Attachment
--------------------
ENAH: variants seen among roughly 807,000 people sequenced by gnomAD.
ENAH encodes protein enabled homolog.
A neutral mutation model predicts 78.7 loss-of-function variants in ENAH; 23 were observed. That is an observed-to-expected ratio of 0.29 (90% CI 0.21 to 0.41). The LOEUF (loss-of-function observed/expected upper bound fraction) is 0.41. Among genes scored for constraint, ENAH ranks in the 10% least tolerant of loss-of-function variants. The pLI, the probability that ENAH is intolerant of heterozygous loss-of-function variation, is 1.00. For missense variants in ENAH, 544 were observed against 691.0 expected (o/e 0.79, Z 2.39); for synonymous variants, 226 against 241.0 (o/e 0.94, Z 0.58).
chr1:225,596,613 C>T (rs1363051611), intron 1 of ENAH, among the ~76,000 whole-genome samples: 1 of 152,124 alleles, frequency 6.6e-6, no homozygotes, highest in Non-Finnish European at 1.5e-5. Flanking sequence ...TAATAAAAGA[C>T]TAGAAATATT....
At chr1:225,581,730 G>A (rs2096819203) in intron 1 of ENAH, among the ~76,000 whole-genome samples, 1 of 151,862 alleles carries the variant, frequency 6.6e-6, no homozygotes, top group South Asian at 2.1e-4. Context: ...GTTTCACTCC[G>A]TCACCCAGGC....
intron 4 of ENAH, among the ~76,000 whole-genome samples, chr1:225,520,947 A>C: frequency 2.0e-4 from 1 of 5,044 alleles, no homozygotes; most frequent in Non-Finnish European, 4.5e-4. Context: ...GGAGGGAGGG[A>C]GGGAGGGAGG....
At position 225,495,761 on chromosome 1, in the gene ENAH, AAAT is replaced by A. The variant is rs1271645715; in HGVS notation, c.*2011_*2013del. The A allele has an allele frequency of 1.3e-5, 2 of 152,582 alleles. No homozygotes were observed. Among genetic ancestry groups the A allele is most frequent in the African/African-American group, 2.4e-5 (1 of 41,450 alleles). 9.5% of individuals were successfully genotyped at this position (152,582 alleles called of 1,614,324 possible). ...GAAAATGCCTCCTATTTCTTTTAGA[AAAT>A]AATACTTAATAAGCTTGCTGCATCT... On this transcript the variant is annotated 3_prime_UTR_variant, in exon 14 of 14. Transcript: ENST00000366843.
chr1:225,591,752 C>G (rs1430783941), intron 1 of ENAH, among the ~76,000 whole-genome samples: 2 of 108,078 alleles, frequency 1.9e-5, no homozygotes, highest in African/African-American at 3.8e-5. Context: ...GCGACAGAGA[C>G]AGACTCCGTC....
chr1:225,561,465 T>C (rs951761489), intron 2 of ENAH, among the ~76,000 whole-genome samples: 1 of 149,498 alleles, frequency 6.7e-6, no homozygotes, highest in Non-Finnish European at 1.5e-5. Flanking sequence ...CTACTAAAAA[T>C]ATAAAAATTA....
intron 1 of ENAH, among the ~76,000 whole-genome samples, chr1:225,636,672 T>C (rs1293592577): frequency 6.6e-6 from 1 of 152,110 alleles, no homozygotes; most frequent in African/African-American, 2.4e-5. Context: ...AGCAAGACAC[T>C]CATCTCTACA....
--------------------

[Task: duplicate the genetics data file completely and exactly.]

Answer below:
ENAH: variants seen among roughly 807,000 people sequenced by gnomAD.
ENAH encodes protein enabled homolog.
A neutral mutation model predicts 78.7 loss-of-function variants in ENAH; 23 were observed. That is an observed-to-expected ratio of 0.29 (90% CI 0.21 to 0.41). The LOEUF (loss-of-function observed/expected upper bound fraction) is 0.41. Among genes scored for constraint, ENAH ranks in the 10% least tolerant of loss-of-function variants. The pLI, the probability that ENAH is intolerant of heterozygous loss-of-function variation, is 1.00. For missense variants in ENAH, 544 were observed against 691.0 expected (o/e 0.79, Z 2.39); for synonymous variants, 226 against 241.0 (o/e 0.94, Z 0.58).
chr1:225,596,613 C>T (rs1363051611), intron 1 of ENAH, among the ~76,000 whole-genome samples: 1 of 152,124 alleles, frequency 6.6e-6, no homozygotes, highest in Non-Finnish European at 1.5e-5. Flanking sequence ...TAATAAAAGA[C>T]TAGAAATATT....
At chr1:225,581,730 G>A (rs2096819203) in intron 1 of ENAH, among the ~76,000 whole-genome samples, 1 of 151,862 alleles carries the variant, frequency 6.6e-6, no homozygotes, top group South Asian at 2.1e-4. Context: ...GTTTCACTCC[G>A]TCACCCAGGC....
intron 4 of ENAH, among the ~76,000 whole-genome samples, chr1:225,520,947 A>C: frequency 2.0e-4 from 1 of 5,044 alleles, no homozygotes; most frequent in Non-Finnish European, 4.5e-4. Context: ...GGAGGGAGGG[A>C]GGGAGGGAGG....
At position 225,495,761 on chromosome 1, in the gene ENAH, AAAT is replaced by A. The variant is rs1271645715; in HGVS notation, c.*2011_*2013del. The A allele has an allele frequency of 1.3e-5, 2 of 152,582 alleles. No homozygotes were observed. Among genetic ancestry groups the A allele is most frequent in the African/African-American group, 2.4e-5 (1 of 41,450 alleles). 9.5% of individuals were successfully genotyped at this position (152,582 alleles called of 1,614,324 possible). ...GAAAATGCCTCCTATTTCTTTTAGA[AAAT>A]AATACTTAATAAGCTTGCTGCATCT... On this transcript the variant is annotated 3_prime_UTR_variant, in exon 14 of 14. Transcript: ENST00000366843.
chr1:225,591,752 C>G (rs1430783941), intron 1 of ENAH, among the ~76,000 whole-genome samples: 2 of 108,078 alleles, frequency 1.9e-5, no homozygotes, highest in African/African-American at 3.8e-5. Context: ...GCGACAGAGA[C>G]AGACTCCGTC....
chr1:225,561,465 T>C (rs951761489), intron 2 of ENAH, among the ~76,000 whole-genome samples: 1 of 149,498 alleles, frequency 6.7e-6, no homozygotes, highest in Non-Finnish European at 1.5e-5. Flanking sequence ...CTACTAAAAA[T>C]ATAAAAATTA....
intron 1 of ENAH, among the ~76,000 whole-genome samples, chr1:225,636,672 T>C (rs1293592577): frequency 6.6e-6 from 1 of 152,110 alleles, no homozygotes; most frequent in African/African-American, 2.4e-5. Context: ...AGCAAGACAC[T>C]CATCTCTACA....